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Going Against the Waves: Insight behind the Success of Mona Pasquil

November 7, 2009

Mona Pasquil keynote PRSSA NC09

Inspirational. Engaging. Fearless. These are just a few words that students used to describe the stirring keynote address by Mona Pasquil at the 2009 PRSSA National Conference. Her experience in the political sector of public relations provided valuable insight to conference attendees.

Mona Pasquil, Vice President of MSHC Partners, Inc., shared her experiences as a minority woman in the male-dominated and highly competitive political world. Pasquil has an impressive resume in politics and public affairs including serving as western political director for the White House Officer of Political Affairs during the Clinton administration. She was recently named as California’s interim Lt. Governor until a successor is chosen, and she serves on the DNC’s Rules and Bylaws committee.

During her keynote address, Pasquil shared “The Mona Rules,” her personal principles to success. “Always be prepared and have a plan,” she advised. “Think about all the potential scenarios out there and work out your response before a situation occurs.”

In a world driven by new media, immediacy is imperative in response to a crisis. Knowing your plan enables you to give an immediate yet thoughtful response. “Timing is everything,” she said, “It is the difference between winning and losing. You must get your information out there to combat what others say. Don’t wait!”

Pasquil addressed difficulties faced by public relations practitioners. “Never make a joke out of a tough situation,” she advised. When faced with a crisis, “Don’t try to spin things. People do not like it and you’re going to lose…There’s that moment when you have a chance to make your mark on history. You get the opportunity to tell the story the right way. Take it!”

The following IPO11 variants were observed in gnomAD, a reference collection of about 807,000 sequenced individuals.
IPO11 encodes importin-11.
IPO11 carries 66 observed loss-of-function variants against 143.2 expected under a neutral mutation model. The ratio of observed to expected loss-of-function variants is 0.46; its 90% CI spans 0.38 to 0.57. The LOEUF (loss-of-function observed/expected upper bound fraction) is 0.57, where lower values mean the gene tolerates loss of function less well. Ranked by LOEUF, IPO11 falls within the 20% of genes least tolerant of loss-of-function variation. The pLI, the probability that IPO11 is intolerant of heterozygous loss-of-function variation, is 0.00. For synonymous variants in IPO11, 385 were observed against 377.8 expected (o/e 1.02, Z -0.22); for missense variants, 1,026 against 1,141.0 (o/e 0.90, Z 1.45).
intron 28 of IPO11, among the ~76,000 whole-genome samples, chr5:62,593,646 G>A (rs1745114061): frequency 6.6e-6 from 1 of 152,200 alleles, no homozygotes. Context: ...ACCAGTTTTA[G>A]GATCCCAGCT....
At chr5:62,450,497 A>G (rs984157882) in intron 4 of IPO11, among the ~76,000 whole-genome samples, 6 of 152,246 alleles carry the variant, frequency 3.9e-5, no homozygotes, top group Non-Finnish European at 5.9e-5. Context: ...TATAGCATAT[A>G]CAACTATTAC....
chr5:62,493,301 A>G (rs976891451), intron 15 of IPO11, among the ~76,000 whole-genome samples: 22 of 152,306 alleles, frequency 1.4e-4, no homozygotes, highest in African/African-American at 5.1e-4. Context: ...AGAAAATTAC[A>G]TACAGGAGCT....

Pasquil stressed the importance of knowing who you are as a person and professional. “Don’t let others define you,” she encouraged. “Be true to yourself. Remember who you are, remember your journey, and remember the lessons you’ve learned.”

As leaders, we have the responsibility to foster leadership in others and help them reach their full potential. “I’ve learned for a mentor that you have to serve people,” said Pasquil. “When you have the opportunity to serve people, you have the responsibility to bring others along.”

In her concluding remarks, Pasquil emphasized the rewards of hard work, dedication, and perseverance. “Working for the public is tough, but when you see your work out there, there isn’t anything like it,” she held. She left students with a call to action. “There are people that don’t need you to save the world, but do that one thing, that one simple thing,” she said. “You will be the answer to the struggles today.”

After her moving keynote address, I interviewed Mona to give our members an inside peek at her history and motivation.

FRIEDMAN WRITER: What was your vision of your future when you were in college?

PASQUIL: I planned on teaching Dante and Chaucer! Honestly, as the oldest of five in a Filipino family I wanted to see and learn everything. I dabbled in banking, worked as a translator, and dedicated my extracurricular time to public service in the senator’s office. The choice for my career path came down to a need for stability.

FRIEDMAN WRITER: How do you overcome the obstacles of being a minority woman in a male-dominated world?

PASQUIL: I had great mentors to help me along the way. My mentors had a broadening vision that guided me in the right direction and connected me with the right people.

FRIEDMAN WRITER:What do you do in your free time?

PASQUIL: I work at a safe haven for victims of domestic violence. My father was a social worker so helping others has always been important to me. I also love landscape photography and hiking.

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